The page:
The majority of the material came from the last three Rasputina releases, with four from 2010’s SISTER KINDERHOOK and three each from 2007’s OH PERILOUS WORLD (including the frigid set opener, “1816, the Year Without a Summer,” which name-checks Mary Shelley – the inclement weather forced her and her friends to stay indoors, where Shelley wrote FRANKENSTEIN, OR THE MODERN PROMETHEUS during the prolonged exile – among others) and UNKNOWN. A frantic “Holocaust of Giants” kicked off a trio of …KINDERHOOK tunes, followed by an operatic “Sweet Sister Temperance” and “Humankind, As the Sailor,” which featured Mojica’s persistent Native American percussion to great effect. An oddly appealing cover of Goldfrapp’s “Clowns” put an end to the first portion of the recital.
The three new songs made up the set’s middle section, with a tale of a famed lady-in-waiting in the Court of Queen Elizabeth, “Bridget Manners,” “Indian Weed,” which allowed Melora and Carpella a bit of a break, with Luis looping the rhythm part of Creager’s cello, and a fever dream paean to Melora’s poltergeist called “Psychopathic Logic.” The latter led into a very cool take on Ray Davies’ “I Go To Sleep,” an early demo of which appeared on a “kitchen sink” compilation called GREAT AMERICAN GINGERBREAD. Other highlights of the evening – of which there were too many to tell you about – included the final SISTER KINDERHOOD number, the fragile “This, My Porcelain Life,” another historical piece called “Rats,” which recounts the time Bolivians asked the Pope to declare the vermin to be fish to alleviate starvation and featured a squalling, slide guitar-like solo from Melora and fan favorite, “In Old Yellowcake,” which not only featured hauntingly visual lyrics about the vagaries of war but, rocks pretty hard, too, with a fairly awesome instrumental section with the cellos coming in with a rather dissonant sounding counterpoint before sliding into a nice harmony bit. And, of course, what Rasputina recitation would be complete without their brilliant take on Pink Floyd’s ode to broken friends, “Wish You Were Here?”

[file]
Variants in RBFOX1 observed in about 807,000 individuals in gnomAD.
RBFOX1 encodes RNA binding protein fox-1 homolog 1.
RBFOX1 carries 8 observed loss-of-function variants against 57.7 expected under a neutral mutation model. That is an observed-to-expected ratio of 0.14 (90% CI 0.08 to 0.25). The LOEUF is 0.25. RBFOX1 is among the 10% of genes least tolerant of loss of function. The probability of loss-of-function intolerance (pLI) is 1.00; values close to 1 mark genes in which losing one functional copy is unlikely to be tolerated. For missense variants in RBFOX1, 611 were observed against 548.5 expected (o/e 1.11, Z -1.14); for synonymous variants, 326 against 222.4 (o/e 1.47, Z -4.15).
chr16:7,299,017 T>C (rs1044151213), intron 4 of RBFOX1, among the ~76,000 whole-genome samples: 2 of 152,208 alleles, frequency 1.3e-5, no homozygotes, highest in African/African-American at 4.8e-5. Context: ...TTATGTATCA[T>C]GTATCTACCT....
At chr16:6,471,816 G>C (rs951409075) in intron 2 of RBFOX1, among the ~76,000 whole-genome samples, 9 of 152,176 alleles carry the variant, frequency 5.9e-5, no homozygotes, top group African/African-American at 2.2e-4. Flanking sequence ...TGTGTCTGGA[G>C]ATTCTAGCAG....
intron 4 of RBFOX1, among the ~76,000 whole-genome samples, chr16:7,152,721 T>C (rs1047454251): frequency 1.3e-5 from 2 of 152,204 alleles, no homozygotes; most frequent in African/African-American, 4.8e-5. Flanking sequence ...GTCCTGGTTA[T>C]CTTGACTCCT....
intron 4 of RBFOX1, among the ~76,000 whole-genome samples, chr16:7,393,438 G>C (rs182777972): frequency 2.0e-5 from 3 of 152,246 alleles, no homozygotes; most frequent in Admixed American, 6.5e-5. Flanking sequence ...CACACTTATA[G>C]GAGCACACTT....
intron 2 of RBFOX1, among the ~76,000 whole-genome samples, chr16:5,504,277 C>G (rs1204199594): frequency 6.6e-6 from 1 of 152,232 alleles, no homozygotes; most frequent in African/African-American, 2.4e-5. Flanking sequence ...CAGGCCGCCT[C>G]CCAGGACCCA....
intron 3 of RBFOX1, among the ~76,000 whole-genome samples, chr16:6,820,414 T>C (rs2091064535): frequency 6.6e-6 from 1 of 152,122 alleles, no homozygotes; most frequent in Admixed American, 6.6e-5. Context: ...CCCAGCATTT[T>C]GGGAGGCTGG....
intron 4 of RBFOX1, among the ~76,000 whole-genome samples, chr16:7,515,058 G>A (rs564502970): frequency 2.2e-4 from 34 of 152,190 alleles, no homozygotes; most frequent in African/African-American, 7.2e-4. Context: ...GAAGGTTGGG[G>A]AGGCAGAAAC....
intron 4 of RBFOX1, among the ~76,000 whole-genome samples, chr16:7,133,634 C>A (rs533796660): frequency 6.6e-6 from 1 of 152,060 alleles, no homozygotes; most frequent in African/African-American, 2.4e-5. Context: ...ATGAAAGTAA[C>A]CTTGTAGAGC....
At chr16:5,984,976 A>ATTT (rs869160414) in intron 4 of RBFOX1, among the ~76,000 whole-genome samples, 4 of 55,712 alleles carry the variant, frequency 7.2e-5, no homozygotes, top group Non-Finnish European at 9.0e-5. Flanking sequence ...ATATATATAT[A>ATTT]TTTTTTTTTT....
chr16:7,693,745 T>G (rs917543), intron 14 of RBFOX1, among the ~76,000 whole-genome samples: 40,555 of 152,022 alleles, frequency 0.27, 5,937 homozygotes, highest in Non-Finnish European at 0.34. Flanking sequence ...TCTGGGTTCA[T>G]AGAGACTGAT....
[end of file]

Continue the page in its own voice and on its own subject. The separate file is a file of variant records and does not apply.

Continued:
I will admit that this was an exceedingly different show than I usually go in for but, by the end of the night, I was taken by the sheer theatricality of Melora Creager’s music and lyrics and the performance of all three members of Rasputina. Luis Mojica, in particular, comes across as a sort of super utility player, with his beat-box percussion, his use of the occasional hand drum and other percussive instruments and, naturally, the variety of instruments programmed into his simple keyboard. As in most great musical pieces, this performance proved that it isn’t only the notes played but, sometime, it’s the notes not played. Even though I can now cross Rasputina live off my bucket list, that doesn’t mean that I wouldn’t revisit that particular item if given the opportunity.